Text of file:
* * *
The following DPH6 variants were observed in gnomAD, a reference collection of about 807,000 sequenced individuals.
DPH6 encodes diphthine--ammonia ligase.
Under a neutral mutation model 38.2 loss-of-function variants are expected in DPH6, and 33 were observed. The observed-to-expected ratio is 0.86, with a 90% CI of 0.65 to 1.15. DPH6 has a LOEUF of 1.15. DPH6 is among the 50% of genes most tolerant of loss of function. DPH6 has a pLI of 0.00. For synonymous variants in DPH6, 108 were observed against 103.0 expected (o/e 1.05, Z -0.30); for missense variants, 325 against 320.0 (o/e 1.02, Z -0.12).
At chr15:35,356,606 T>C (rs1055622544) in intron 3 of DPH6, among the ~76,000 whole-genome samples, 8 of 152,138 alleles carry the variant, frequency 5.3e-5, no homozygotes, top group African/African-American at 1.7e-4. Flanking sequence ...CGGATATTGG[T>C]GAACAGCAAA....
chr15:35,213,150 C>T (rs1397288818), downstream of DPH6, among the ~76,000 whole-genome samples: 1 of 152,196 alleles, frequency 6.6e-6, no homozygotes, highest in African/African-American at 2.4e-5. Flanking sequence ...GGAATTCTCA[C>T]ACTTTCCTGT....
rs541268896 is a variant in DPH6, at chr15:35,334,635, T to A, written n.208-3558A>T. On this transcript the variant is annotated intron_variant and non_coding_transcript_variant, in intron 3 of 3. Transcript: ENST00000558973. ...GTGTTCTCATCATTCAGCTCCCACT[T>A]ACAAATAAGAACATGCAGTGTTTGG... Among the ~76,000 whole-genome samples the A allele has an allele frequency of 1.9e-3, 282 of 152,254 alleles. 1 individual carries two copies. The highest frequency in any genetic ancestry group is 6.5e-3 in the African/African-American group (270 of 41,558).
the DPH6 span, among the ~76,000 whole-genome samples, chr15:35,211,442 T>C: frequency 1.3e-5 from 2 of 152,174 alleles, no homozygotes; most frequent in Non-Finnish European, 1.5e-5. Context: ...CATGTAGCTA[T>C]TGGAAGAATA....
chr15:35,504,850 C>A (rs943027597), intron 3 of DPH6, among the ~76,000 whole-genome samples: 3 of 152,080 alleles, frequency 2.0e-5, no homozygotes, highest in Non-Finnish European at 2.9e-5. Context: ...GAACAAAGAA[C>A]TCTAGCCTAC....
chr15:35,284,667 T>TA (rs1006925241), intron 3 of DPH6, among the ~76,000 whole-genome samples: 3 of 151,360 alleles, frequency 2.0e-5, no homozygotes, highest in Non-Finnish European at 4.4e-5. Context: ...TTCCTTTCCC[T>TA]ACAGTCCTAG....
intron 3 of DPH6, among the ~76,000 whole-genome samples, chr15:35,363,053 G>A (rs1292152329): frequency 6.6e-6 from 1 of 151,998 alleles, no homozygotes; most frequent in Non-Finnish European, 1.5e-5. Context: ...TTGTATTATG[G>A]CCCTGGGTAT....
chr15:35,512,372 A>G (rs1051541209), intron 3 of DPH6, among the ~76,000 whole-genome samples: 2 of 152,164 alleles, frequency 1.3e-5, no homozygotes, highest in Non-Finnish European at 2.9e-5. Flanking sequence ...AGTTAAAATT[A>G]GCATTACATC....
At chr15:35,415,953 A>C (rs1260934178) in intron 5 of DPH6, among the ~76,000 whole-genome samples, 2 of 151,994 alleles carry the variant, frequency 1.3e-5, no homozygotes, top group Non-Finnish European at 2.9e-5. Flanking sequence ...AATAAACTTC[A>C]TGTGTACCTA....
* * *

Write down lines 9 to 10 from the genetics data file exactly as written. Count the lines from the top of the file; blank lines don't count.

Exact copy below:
chr15:35,284,667 T>TA (rs1006925241), intron 3 of DPH6, among the ~76,000 whole-genome samples: 3 of 151,360 alleles, frequency 2.0e-5, no homozygotes, highest in Non-Finnish European at 4.4e-5. Context: ...TTCCTTTCCC[T>TA]ACAGTCCTAG....
intron 3 of DPH6, among the ~76,000 whole-genome samples, chr15:35,363,053 G>A (rs1292152329): frequency 6.6e-6 from 1 of 151,998 alleles, no homozygotes; most frequent in Non-Finnish European, 1.5e-5. Context: ...TTGTATTATG[G>A]CCCTGGGTAT....